But the sights of literary Portugal don’t stop there. For one there’s the Joanine Library of the University of Coimbra, with its resplendent design and towering bookshelves. It’s arguably one of the most beautiful libraries in the world.
Then there’s the town of Obidos, which actually earned the UNESCO honour of Creative City of Literature in 2015. This town loves books, be it the town’s annual International Literary Festival, to the bookshop inside the converted St James Church. You can even dine surrounded by bookshelves in the hotel/restaurant The Literary Man. Safe to say, both Obidos and Portugal as a whole has a lot to offer travelling bookworms.
Admittedly, my biggest stumbling block during my times in Portugal was the language. People might assume that Portuguese is close to Spanish, and in some respects that is true. They do share quite a lot of words, but often for each similar word the next is wildly different. Not that my Spanish is any good either mind you, I just find Portuguese a tricky language to get used to personally.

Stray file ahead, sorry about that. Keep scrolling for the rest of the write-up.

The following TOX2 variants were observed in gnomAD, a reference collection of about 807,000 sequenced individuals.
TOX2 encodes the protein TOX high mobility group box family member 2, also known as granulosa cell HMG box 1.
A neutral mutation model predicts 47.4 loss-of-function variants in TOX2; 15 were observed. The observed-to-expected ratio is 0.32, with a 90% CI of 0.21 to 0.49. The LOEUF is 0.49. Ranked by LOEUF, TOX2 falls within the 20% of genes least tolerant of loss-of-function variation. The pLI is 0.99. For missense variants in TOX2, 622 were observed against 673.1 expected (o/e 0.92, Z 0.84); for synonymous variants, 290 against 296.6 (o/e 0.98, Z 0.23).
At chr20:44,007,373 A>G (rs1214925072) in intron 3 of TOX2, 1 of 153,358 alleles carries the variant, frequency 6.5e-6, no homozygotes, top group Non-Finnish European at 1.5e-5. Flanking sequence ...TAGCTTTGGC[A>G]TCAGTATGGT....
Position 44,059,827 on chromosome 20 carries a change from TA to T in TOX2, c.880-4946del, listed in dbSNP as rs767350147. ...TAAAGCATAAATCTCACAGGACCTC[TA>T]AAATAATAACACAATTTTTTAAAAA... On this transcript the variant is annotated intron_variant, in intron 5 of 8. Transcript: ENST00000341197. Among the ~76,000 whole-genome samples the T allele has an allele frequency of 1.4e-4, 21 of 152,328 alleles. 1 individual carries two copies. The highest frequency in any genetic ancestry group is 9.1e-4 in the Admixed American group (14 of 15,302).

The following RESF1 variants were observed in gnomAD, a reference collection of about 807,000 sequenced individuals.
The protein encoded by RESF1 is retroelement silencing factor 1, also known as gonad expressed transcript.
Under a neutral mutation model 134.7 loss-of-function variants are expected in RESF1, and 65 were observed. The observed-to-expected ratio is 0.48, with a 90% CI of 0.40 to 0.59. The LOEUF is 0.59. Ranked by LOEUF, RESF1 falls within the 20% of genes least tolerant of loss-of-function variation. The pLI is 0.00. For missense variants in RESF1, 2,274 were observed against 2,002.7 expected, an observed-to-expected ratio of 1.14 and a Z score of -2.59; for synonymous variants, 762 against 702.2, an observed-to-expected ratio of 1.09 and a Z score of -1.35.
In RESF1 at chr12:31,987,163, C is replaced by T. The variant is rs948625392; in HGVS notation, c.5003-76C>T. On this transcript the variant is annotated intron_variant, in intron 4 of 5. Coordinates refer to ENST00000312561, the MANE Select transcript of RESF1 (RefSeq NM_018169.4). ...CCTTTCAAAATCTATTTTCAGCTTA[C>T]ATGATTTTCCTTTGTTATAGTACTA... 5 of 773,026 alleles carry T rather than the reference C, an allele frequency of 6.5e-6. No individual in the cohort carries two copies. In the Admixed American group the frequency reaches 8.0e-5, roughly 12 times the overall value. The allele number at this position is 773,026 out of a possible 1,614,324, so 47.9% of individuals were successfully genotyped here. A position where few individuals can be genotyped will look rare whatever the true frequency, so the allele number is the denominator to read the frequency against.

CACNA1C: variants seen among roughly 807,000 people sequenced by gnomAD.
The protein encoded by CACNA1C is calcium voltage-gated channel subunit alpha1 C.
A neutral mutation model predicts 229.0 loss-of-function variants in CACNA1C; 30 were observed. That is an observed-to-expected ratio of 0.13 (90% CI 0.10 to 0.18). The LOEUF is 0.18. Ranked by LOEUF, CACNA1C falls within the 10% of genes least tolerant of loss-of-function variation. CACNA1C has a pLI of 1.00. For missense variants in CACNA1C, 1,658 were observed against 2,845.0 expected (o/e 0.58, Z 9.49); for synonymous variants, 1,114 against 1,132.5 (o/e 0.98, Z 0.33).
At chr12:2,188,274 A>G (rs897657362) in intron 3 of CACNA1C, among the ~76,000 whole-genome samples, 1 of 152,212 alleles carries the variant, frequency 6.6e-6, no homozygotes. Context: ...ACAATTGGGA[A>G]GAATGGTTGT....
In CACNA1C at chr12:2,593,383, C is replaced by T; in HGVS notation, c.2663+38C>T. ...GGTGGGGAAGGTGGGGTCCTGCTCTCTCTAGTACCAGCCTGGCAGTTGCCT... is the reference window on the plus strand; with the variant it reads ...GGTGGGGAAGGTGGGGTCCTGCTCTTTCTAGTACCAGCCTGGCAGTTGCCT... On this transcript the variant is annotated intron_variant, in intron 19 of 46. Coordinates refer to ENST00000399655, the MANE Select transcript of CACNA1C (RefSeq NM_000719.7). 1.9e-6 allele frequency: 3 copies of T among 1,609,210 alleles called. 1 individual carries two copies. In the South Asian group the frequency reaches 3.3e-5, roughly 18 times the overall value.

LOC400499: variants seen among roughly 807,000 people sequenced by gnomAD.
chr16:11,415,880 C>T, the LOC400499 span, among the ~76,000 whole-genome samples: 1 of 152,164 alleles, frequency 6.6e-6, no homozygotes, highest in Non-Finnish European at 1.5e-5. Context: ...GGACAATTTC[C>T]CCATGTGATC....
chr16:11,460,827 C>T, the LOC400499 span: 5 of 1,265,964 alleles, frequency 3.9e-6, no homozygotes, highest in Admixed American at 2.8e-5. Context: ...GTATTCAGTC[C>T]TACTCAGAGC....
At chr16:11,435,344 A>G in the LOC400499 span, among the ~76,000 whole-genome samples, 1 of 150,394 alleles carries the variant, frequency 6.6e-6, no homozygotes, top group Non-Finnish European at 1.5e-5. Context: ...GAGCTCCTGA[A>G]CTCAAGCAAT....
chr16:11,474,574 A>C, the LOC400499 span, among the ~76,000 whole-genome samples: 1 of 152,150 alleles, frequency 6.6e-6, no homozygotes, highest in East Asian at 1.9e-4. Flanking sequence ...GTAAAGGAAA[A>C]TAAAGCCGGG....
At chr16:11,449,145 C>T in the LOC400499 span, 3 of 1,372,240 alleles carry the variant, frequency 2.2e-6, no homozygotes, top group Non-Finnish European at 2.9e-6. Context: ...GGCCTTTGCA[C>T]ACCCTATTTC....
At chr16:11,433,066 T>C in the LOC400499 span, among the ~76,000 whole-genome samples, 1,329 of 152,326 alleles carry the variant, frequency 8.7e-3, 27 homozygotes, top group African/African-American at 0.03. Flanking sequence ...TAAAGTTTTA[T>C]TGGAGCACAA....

The good news is that you can get by with English quite a bit in the most popular places. Other places Spanish will often also work too. Still, it always helps to learn the basics to make life easier and show people that you’re at least making the effort. A few useful phrases include Ola which means ‘Hello’; Bom Dia for ‘Good Morning’; Sim and Nao for “Yes” and “No”; Obrigado/Obrigada for ‘Thank you’; and Por Favor for ‘Please’.
7. Food and Wine
Chances are you’ve heard a little, but not a lot, about the cuisine of Portugal. There are certain dishes like Pastel de Nata, the famous custard tarts, that everyone raves about. And who can blame them, they’re delicious! Then there’s the famous wine and port wine from the Douro Valley, which visitors joyfully indulge in when around Porto.
But then there’s the rest of the country’s cuisine and there’s just so much to try. There are the national staples like bacalhau, which is cod, in all its forms as well as the tasty bifana pork sandwiches. After that though, each region has its own special dishes, be they hearty francesinha in the north or never-ending seafood in the south. Point is, no matter where you are, you should be able to find something different to try.
8. The Old World
There’s this romantic idea of Europe that people have of the “old world”. It’s that mental picture of a historic place free from modern life, where tradition and the old ways thrive. I think people are often surprised how rarely they come across it in popular European destinations. But visit Portugal and you can actually find this “old world” and tradition quite frequently.